Early next semester, we will launch the previously announced Community Engagement Inventory. This centralized database will serve as an online clearinghouse to track the activities we are undertaking - as a University - in the region, and will map the relationships between our SLU community and the greater St. Louis community.

As part of our goal to further engage with our neighbors, we have opened our doors to civic groups, including the Ferguson Commission, and have provided space for a Public Accountability Meeting. In addition, we have hosted several related events during the past month alone, including:

  • "Ending Poverty: America's Silent Spaces" an open forum and panel discussion moderated by noted journalist Tavis Smiley
  • "Jesuits and Race," a day-long conference co-sponsored by the Jesuit Archives: Central United States
  • "Organized Non-Violent Resistance: The Truth-Telling Project in Ferguson," a panel discussion featuring local and national speakers 

As I close, it is important for you to know that I have received strong support from the president, the provost, the vice presidents, the deans and members of our Board of Trustees. The leadership of Saint Louis University clearly wants to see SLU become a national model for diversity and community engagement. This is further evidenced by the priorities in our new Strategic Plan that align with the underlying themes of the accords.

The recent events that have occurred in Columbia, Missouri, and elsewhere around the country have brought forth new conversations about race and equality on our nation's college campuses. Here at SLU, we have been in engaged in these conversations for more than a year.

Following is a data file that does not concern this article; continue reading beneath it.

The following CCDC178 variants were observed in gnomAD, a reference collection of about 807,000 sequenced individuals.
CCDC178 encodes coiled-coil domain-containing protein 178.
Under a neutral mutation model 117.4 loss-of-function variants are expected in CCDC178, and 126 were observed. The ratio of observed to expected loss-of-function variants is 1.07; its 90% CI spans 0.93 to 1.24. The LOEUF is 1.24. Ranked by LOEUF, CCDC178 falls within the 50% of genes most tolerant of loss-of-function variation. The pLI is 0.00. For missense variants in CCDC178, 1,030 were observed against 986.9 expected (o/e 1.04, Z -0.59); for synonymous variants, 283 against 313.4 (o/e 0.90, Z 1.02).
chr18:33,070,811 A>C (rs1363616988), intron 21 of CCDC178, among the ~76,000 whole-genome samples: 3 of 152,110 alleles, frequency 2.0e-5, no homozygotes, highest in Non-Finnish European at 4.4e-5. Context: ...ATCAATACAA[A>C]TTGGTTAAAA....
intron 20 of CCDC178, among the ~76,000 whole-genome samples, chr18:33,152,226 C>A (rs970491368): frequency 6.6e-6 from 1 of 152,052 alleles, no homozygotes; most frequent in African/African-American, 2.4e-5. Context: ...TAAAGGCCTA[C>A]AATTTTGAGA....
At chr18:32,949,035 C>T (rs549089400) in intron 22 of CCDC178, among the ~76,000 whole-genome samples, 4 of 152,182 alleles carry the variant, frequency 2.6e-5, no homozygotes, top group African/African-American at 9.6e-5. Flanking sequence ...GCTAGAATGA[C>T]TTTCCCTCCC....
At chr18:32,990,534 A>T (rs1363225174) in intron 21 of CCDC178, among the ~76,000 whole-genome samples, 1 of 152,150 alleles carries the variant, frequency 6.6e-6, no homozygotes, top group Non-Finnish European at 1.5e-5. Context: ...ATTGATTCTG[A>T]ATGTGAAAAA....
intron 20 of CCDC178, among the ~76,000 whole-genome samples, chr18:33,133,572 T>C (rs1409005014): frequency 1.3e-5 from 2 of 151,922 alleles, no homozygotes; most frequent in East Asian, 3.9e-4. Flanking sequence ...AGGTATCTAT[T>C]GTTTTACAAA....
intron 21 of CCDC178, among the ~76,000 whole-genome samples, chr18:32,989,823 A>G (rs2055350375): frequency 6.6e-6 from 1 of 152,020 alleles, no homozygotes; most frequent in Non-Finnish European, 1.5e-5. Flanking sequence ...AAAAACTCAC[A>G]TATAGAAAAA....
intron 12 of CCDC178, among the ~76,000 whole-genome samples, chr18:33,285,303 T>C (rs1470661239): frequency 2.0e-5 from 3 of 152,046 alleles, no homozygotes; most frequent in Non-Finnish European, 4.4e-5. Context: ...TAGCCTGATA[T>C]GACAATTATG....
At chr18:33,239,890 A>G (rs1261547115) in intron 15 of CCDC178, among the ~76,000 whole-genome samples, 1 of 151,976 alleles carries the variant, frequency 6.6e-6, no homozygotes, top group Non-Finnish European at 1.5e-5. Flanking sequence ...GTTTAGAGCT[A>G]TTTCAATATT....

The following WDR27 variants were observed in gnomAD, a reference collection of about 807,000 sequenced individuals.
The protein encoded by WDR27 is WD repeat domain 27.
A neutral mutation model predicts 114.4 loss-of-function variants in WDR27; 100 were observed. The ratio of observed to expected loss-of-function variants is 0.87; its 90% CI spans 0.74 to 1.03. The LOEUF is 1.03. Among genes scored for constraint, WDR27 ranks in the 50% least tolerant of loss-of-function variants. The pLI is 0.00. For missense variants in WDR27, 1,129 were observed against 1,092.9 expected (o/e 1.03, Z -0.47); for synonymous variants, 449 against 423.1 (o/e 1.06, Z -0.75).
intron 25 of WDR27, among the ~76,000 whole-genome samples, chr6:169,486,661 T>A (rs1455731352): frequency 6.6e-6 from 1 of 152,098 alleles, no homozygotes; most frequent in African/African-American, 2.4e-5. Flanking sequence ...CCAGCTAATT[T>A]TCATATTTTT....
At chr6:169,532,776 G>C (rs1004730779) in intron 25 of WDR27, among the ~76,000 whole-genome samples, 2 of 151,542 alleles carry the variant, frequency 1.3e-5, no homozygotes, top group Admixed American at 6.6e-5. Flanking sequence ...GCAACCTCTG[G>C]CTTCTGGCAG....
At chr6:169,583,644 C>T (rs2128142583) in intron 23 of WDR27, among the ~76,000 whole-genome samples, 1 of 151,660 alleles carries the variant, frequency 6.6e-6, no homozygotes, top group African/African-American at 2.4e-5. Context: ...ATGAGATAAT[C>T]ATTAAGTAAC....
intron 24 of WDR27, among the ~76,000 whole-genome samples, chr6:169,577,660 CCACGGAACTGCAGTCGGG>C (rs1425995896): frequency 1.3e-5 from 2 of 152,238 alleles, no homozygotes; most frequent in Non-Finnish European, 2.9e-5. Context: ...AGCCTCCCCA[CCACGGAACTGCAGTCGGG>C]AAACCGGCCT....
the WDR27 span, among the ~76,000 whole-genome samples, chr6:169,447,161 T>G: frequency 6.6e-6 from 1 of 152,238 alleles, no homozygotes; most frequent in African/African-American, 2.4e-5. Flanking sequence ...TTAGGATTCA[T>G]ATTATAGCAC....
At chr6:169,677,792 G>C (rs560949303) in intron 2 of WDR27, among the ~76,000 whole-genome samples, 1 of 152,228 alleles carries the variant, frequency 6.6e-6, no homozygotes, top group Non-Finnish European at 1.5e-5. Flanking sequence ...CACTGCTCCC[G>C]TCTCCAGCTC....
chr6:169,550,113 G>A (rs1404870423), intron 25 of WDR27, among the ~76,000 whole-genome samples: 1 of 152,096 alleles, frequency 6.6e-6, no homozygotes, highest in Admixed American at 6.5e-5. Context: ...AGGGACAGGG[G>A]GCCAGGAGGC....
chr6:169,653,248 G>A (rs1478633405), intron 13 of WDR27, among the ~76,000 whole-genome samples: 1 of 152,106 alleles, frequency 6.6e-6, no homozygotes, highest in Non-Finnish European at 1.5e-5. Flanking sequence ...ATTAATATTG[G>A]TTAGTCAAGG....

During my 13 years at Saint Louis University, I have never seen such a serious commitment to and investment in diversity, inclusion and equity. I appreciate and am inspired daily by my faculty and administration colleagues, our students, our staff, our alumni, and our community partners who work and advocate continually for diversity and inclusion - who undertake the work as a calling that arises out of our mission. If you are aware of or involved in diversity, inclusion or community engagement work of which I should be aware, please contact me.

In this spirit, we are taking action and progress is being made. I understand that the pace of real progress is never fast enough. Indeed, at the very moment that Dr. Martin Luther King, Jr., called us to dream of the future, he called us to feel "the fierce urgency of now." Because the urgent, arduous work before us is ours, all of ours, I invite all of you to join us in committing to the work for which the times call.


Jonathan C. Smith, Ph.D.
Special Assistant to the President for Diversity and Community Engagement

Higher purpose. Greater good.